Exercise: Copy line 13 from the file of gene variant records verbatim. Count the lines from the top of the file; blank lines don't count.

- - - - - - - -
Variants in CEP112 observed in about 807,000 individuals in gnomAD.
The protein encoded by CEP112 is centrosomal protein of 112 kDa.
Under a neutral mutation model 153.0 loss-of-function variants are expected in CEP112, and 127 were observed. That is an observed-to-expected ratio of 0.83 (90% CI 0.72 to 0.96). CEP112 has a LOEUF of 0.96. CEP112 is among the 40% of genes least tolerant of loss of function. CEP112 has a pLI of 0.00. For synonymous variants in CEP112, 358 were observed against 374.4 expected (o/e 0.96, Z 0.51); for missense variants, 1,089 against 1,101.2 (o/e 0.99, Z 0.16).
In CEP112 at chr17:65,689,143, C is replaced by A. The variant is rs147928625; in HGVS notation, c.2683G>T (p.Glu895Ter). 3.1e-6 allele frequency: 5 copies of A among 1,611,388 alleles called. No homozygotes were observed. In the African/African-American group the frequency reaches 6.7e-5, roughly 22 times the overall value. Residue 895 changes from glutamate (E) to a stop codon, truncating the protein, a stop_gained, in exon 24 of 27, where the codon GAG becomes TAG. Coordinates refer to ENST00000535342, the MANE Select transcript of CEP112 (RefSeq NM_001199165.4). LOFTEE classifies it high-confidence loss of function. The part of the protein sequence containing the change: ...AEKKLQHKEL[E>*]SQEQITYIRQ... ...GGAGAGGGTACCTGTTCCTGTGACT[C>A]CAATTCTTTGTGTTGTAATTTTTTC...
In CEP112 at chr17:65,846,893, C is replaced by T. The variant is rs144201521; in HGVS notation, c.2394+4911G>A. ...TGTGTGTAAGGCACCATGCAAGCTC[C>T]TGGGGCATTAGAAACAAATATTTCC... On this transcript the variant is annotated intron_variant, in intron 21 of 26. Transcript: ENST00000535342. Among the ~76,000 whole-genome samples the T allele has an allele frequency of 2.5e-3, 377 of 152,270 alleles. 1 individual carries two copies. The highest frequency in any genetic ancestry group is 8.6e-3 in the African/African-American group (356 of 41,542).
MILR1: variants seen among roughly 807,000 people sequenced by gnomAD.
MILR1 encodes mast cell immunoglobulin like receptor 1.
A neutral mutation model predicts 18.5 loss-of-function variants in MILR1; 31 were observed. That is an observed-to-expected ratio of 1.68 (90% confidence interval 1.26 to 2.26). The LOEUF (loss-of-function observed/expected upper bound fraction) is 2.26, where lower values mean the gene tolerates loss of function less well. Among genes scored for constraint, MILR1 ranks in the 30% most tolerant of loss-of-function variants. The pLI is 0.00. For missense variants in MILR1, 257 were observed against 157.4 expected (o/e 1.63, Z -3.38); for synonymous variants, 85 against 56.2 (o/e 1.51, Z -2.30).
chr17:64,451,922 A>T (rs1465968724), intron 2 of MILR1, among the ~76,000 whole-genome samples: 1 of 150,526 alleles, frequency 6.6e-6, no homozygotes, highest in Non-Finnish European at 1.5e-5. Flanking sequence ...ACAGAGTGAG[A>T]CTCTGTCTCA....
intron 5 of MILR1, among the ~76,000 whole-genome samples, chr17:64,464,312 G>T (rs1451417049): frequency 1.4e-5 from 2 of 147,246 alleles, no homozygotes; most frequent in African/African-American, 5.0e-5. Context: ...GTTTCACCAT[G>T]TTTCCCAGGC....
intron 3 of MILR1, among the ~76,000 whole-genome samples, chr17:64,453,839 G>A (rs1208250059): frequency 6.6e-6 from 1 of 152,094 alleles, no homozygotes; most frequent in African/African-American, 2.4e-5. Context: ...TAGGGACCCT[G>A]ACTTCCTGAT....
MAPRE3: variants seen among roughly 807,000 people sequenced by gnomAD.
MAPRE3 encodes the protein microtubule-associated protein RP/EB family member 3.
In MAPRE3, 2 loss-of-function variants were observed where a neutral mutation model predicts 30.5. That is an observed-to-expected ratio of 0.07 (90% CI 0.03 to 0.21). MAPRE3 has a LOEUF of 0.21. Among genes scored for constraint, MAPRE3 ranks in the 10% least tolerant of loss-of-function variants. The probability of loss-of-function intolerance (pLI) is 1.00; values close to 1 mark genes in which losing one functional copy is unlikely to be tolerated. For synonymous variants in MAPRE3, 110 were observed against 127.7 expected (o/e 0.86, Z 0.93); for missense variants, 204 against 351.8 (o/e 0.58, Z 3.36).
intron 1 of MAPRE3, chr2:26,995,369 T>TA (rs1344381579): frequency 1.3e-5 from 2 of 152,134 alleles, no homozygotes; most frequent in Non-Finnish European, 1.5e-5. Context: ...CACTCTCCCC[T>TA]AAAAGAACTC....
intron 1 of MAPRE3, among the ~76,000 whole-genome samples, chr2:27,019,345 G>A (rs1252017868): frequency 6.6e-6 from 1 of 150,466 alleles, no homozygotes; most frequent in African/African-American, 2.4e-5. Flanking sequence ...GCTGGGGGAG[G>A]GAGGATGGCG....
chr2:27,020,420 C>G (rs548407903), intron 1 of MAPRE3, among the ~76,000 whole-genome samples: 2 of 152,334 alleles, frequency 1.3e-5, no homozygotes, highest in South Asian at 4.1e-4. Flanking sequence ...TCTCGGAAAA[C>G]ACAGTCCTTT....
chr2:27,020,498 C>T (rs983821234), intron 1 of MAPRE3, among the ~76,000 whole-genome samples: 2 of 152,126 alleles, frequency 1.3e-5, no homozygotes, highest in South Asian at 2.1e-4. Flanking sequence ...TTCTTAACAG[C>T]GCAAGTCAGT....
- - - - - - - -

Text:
MAPRE3 encodes the protein microtubule-associated protein RP/EB family member 3.